My motto: Learn something new every day

Also: There's usually a good reason why everyone does it that way

RE: Hot work safe distance from live plant

It's gasoil & mogas...

I am not sure if it was designed properly, though I know everything is EX except motors are IP56. Thanks for the help though!

Will definitely have to see if they are even using work permits o.O Hopefully they are. But I know it's so remote that they don't have water to hydrotest, and generally when it's remote, safety standards are not as they should be.

RE: Hot work safe distance from live plant

You seem to keep mixing "hot work" - which in construction and repair is "work that creates an explosive/flamable reaction" such as welding, grinding, arc cutting, plasma work, and gas-fired heating (postweld heat treatment with thermal blankets (although "hot") is not considered flame-producing usually) - with electric motor design and operation.

Unless the motor is sparking, construction (commissioning of the tank, other fabrication around the tank) doe not usually consider electric motor operation hazardous. Oil and refinery operations of course, need special electric motor rules and reg's to avoid just that sort of ignition of the vapors around the refinery.

Every OSHA construction site is required to monitor its own hot work rules and processes. Once your tank is built, installed to the pipe network, and the red tags are released to turn the tank back over to operations, the plant needs to re-set its hot work permit process around the "new tank" as required.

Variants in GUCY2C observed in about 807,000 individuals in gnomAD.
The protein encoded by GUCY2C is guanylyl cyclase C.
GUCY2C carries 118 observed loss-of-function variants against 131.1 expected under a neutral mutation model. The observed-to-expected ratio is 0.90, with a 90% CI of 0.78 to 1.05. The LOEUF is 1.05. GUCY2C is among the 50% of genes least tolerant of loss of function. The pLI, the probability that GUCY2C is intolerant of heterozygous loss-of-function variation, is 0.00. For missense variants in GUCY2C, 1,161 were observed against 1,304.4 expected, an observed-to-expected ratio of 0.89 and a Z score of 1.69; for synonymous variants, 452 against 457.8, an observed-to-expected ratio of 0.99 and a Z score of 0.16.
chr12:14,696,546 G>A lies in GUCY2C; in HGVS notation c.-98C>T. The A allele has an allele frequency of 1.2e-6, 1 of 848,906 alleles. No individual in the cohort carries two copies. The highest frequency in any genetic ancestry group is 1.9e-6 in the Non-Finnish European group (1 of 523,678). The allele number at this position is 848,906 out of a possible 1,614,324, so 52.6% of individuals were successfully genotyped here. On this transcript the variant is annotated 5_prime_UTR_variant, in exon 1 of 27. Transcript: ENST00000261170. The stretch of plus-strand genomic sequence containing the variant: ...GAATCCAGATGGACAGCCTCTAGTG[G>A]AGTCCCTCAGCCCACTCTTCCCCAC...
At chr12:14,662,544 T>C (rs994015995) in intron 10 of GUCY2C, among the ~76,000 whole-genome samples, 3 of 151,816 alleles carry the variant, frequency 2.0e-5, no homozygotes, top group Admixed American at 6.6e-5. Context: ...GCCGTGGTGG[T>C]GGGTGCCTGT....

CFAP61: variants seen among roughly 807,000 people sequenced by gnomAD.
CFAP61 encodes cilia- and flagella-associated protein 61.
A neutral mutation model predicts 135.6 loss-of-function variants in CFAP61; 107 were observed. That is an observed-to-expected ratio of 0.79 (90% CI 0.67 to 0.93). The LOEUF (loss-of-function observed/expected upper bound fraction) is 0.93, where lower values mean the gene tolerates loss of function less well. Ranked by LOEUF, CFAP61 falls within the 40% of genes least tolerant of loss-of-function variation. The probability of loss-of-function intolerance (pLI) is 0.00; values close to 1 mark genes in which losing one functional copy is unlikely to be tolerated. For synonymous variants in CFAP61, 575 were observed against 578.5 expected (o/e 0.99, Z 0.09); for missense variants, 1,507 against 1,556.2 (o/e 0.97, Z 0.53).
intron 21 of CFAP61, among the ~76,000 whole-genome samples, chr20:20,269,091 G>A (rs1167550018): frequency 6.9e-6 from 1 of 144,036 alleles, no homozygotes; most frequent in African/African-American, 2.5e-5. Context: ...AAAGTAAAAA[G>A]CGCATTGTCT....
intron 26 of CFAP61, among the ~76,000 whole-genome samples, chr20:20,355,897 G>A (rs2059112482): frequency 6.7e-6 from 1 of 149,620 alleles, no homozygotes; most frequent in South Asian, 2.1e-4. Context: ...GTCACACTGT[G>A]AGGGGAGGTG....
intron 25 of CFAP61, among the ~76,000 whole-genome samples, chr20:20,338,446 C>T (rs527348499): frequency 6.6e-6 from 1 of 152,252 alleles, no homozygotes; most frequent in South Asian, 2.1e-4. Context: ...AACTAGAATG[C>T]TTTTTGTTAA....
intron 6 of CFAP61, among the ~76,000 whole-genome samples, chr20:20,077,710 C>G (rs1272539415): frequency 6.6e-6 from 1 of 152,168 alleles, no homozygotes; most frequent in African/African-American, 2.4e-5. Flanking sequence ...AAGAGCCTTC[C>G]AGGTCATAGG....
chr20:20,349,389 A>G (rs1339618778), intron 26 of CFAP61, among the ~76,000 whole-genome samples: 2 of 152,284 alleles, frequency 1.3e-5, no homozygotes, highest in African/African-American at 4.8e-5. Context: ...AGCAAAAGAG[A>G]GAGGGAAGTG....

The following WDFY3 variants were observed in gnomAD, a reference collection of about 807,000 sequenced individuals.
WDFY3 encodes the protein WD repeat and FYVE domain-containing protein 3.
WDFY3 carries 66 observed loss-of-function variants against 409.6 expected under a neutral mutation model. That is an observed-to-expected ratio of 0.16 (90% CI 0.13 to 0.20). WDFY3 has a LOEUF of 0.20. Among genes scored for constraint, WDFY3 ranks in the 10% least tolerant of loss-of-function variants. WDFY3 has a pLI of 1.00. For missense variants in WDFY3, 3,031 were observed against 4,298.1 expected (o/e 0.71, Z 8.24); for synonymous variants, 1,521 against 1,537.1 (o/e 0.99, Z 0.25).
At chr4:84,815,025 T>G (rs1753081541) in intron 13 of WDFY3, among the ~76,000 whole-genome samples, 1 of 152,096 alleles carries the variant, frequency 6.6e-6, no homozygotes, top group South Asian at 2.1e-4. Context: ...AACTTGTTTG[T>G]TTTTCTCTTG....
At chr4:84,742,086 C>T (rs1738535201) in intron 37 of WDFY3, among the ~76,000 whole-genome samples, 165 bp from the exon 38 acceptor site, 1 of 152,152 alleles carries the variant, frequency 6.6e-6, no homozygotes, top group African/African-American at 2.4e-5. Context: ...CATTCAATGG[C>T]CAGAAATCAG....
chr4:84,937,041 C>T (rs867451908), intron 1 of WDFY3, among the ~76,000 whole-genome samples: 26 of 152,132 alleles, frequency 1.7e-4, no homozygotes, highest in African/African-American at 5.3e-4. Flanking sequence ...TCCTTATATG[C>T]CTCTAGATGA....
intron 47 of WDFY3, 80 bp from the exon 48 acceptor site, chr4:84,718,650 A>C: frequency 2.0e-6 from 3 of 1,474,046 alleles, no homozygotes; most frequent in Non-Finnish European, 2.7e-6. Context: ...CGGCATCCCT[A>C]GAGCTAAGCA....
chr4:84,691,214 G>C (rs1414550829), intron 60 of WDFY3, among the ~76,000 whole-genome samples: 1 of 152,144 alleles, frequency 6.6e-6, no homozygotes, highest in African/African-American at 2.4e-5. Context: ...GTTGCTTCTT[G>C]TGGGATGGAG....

Red Flag This Post

Please let us know here why this post is inappropriate. Reasons such as off-topic, duplicates, flames, illegal, vulgar, or students posting their homework.

Red Flag Submitted

Thank you for helping keep Eng-Tips Forums free from inappropriate posts.
The Eng-Tips staff will check this out and take appropriate action.

Reply To This Thread

Posting in the Eng-Tips forums is a member-only feature.

Click Here to join Eng-Tips and talk with other members! Already a Member? Login


Low-Volume Rapid Injection Molding With 3D Printed Molds
Learn methods and guidelines for using stereolithography (SLA) 3D printed molds in the injection molding process to lower costs and lead time. Discover how this hybrid manufacturing process enables on-demand mold fabrication to quickly produce small batches of thermoplastic parts. Download Now
Design for Additive Manufacturing (DfAM)
Examine how the principles of DfAM upend many of the long-standing rules around manufacturability - allowing engineers and designers to place a part’s function at the center of their design considerations. Download Now
Taking Control of Engineering Documents
This ebook covers tips for creating and managing workflows, security best practices and protection of intellectual property, Cloud vs. on-premise software solutions, CAD file management, compliance, and more. Download Now

Close Box

Join Eng-Tips® Today!

Join your peers on the Internet's largest technical engineering professional community.
It's easy to join and it's free.

Here's Why Members Love Eng-Tips Forums:

Register now while it's still free!

Already a member? Close this window and log in.

Join Us             Close